Editorial: Merry-go-round of justice?
The Jakarta Post
The Jakarta Post
Following the controversial parole of a pilot convicted of murdering a leading human rights activist, Law and Human Rights Minister Yasonna H. Laoly said on Tuesday that the government was mulling an ad hoc human rights court and would also resume deliberation on the bill on a truth and reconciliation commission.
Few are cheering though. It seems people are resigned to the nation's merry-go-round of elusive justice, afraid to hope too much after so many shameless displays of impunity.
The background to these fears is the lingering questions about the mastermind of Munir Said Thalib's murder in September 2004. The ministry deems the conditional release of Pollycarpus Budihari Prijanto legal, given his accumulated remission of 42 months from his sentence of 14 years in 2008 for lacing Munir's drink with arsenic.
Despite the court hearings revealing Pollycarpus' links to the National Intelligence Agency (BIN), a separate trial finally acquitted BIN deputy Muchdi Purwoprandjono. His boss AM Hendropriyono denied any knowledge of any plan to murder Munir.
So despite the protests of Munir's widow Suciwati that Pollycarpus was no murderer acting on his own as the court concluded, there has been no proof of a conspiracy, which might otherwise have categorized him as ineligible for remission.
Another dampener on hopes following Yasonna's announcement are our rare experiences with ad hoc human rights courts, which have seen most defendants acquitted ' such as in the East Timor case. East Timor, which became the independent Timor Leste, successfully established its own Truth and Reconciliation Commission.
But its former ruler, Indonesia, together with Timor Leste, set up the Truth and Friendship Commission, which did not manage to overcome allegations of a whitewash.
The unresolved murder of Munir and the similar impunity of so many murderers and rapists of civilians in Timor Leste send an equally hopeless signal regarding the bill on a truth and reconciliation commission.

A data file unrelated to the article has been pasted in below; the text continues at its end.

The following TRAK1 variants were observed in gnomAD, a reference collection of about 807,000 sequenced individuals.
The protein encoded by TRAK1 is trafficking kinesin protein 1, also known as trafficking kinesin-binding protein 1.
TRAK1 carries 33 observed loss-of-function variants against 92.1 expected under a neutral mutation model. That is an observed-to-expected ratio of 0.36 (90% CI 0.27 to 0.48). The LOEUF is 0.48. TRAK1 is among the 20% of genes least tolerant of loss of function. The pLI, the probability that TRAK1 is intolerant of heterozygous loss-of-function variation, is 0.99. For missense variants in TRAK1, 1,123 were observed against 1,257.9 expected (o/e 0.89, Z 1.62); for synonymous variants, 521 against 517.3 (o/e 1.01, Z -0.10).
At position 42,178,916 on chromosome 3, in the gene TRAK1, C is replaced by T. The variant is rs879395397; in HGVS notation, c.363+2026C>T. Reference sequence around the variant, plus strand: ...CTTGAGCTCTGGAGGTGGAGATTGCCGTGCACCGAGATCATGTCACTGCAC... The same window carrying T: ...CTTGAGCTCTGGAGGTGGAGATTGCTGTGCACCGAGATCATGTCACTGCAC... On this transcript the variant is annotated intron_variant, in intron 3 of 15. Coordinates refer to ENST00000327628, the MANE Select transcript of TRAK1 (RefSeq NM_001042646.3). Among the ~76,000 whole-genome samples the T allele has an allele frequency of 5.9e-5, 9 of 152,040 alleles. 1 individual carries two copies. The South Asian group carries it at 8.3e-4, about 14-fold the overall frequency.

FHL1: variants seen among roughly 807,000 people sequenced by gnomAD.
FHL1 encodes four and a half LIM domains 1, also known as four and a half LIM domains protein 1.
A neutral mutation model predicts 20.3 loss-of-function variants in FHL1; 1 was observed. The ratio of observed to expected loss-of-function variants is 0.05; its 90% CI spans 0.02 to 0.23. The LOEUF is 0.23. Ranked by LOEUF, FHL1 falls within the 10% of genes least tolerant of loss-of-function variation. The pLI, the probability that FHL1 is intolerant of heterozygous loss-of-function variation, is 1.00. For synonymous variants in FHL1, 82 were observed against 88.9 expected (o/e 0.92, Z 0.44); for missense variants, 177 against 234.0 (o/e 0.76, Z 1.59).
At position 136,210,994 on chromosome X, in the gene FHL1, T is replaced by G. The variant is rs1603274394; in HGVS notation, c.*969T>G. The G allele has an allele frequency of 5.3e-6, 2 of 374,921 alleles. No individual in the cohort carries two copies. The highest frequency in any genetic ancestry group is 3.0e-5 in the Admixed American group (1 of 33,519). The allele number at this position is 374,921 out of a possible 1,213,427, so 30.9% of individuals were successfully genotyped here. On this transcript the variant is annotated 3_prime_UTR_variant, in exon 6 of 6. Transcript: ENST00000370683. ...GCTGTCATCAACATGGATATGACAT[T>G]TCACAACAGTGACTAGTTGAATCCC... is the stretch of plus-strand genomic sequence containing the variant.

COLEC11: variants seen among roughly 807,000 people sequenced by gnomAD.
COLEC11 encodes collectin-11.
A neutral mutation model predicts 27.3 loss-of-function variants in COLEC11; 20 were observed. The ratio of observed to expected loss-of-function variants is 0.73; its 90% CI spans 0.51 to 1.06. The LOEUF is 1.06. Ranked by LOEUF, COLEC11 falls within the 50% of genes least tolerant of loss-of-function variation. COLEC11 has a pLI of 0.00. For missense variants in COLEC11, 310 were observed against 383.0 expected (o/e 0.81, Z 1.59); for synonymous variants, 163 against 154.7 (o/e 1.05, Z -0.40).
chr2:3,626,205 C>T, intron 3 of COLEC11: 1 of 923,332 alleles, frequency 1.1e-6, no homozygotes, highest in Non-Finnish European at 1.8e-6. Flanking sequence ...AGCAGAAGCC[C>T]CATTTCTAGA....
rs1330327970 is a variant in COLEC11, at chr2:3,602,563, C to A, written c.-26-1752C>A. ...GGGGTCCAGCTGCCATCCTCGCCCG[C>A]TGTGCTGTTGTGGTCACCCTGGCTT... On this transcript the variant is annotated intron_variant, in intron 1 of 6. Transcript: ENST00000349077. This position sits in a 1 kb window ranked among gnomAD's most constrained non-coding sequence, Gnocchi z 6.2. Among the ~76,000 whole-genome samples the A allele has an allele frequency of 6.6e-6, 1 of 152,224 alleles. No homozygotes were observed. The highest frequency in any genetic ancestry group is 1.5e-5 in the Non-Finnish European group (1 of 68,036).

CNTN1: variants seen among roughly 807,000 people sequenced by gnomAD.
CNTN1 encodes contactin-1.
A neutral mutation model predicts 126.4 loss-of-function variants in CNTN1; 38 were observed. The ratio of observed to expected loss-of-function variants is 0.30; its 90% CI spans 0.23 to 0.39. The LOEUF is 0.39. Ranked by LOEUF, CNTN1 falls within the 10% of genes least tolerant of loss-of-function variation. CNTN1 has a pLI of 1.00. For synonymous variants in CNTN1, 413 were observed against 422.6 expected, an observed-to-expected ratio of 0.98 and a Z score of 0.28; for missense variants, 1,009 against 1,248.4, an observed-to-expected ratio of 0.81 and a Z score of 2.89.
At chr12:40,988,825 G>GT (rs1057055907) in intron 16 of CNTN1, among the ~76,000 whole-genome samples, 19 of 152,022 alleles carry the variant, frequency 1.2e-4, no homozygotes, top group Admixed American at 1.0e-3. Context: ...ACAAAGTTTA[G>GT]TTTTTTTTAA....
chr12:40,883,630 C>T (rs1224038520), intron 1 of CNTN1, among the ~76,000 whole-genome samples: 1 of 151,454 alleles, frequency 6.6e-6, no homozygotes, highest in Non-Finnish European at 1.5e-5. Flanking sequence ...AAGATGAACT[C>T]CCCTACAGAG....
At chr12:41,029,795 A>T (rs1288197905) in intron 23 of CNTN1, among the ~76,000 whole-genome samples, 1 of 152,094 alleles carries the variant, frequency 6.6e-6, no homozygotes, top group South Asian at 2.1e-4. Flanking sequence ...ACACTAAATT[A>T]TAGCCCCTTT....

Its advocates lost steam after the Constitutional Court scrapped the bill due to legal technicalities, amid protests from many quarters warning against the 'return of communists'; those championing the bill were looking to bring some justice to survivors and relatives of unlawful detention, torture, murder and other crimes around the mid 1960s, following the political upheaval and bloodshed.
Nevertheless, the momentum under a new government must be harnessed, to give the legal system another chance to give closure to those who were dissidents of past regimes, or who were merely 'collateral damage' ' such as families of those suspected of treason.
President Joko 'Jokowi' Widodo knows well that his supporters are fast becoming his loudest critics, particularly questioning his campaign pledges to resolve human rights cases.
Seeing visible government commitment in renewing attempts to give such closure would begin to settle doubts as to whether the President is willing to tread on any political allies implicated in such crimes.
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